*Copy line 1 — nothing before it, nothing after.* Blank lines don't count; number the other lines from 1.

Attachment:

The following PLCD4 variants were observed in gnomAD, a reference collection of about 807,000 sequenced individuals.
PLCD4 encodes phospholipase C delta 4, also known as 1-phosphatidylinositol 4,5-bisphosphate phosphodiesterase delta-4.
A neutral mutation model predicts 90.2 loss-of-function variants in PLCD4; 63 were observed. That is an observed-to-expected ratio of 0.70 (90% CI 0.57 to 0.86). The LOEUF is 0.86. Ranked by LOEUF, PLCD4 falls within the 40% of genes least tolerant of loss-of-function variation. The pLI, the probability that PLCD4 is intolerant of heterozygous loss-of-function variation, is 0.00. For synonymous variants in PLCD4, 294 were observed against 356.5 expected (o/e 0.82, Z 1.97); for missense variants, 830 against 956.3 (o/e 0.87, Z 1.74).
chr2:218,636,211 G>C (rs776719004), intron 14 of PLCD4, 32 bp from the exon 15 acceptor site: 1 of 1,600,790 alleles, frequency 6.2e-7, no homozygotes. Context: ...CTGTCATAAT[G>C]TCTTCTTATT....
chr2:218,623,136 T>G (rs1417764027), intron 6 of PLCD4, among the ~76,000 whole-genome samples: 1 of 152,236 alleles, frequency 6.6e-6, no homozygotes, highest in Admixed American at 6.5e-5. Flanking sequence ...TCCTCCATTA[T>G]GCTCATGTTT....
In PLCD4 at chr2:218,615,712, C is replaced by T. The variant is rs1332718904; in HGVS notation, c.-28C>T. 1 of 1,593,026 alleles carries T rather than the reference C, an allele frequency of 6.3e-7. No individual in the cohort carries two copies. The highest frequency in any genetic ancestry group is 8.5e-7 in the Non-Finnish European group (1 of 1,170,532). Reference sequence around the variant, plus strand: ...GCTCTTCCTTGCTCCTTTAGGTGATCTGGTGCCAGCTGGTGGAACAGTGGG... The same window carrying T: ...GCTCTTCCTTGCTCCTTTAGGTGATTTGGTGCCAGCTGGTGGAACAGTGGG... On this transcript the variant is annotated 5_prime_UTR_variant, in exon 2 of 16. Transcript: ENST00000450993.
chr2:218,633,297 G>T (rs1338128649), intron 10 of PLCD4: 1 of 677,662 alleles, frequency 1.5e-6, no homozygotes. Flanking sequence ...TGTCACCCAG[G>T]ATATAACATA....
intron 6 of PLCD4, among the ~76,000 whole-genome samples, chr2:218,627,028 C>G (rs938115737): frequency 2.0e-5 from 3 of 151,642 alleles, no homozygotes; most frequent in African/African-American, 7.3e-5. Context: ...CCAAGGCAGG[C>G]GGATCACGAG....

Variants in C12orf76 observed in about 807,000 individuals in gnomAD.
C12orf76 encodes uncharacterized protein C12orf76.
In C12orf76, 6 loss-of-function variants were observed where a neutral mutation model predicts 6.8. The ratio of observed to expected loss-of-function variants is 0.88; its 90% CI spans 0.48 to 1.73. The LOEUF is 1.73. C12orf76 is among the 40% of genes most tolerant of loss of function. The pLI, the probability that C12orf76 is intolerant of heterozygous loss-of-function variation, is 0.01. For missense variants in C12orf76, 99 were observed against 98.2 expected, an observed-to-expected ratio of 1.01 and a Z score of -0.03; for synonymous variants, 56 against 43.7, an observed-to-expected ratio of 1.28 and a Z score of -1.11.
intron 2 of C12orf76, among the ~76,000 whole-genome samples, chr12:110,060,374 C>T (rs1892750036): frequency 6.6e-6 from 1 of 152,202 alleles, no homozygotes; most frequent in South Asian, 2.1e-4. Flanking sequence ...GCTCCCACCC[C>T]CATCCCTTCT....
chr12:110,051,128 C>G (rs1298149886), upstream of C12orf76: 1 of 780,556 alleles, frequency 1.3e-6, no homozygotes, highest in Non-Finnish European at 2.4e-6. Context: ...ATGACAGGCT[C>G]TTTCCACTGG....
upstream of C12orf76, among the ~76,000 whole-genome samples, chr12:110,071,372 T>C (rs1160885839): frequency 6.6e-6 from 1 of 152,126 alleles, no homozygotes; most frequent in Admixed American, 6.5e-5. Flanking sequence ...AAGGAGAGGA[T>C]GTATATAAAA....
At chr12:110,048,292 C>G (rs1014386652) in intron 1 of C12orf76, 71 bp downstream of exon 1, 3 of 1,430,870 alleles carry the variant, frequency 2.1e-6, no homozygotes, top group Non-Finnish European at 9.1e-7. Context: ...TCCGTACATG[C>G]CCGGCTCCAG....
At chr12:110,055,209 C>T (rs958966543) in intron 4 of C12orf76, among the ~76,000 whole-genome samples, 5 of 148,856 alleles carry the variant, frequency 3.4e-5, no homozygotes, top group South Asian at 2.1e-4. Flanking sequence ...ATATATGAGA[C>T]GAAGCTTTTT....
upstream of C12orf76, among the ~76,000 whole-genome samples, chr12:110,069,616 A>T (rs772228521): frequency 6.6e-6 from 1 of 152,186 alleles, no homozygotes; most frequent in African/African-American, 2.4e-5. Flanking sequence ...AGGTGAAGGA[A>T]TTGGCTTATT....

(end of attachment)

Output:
The following PLCD4 variants were observed in gnomAD, a reference collection of about 807,000 sequenced individuals.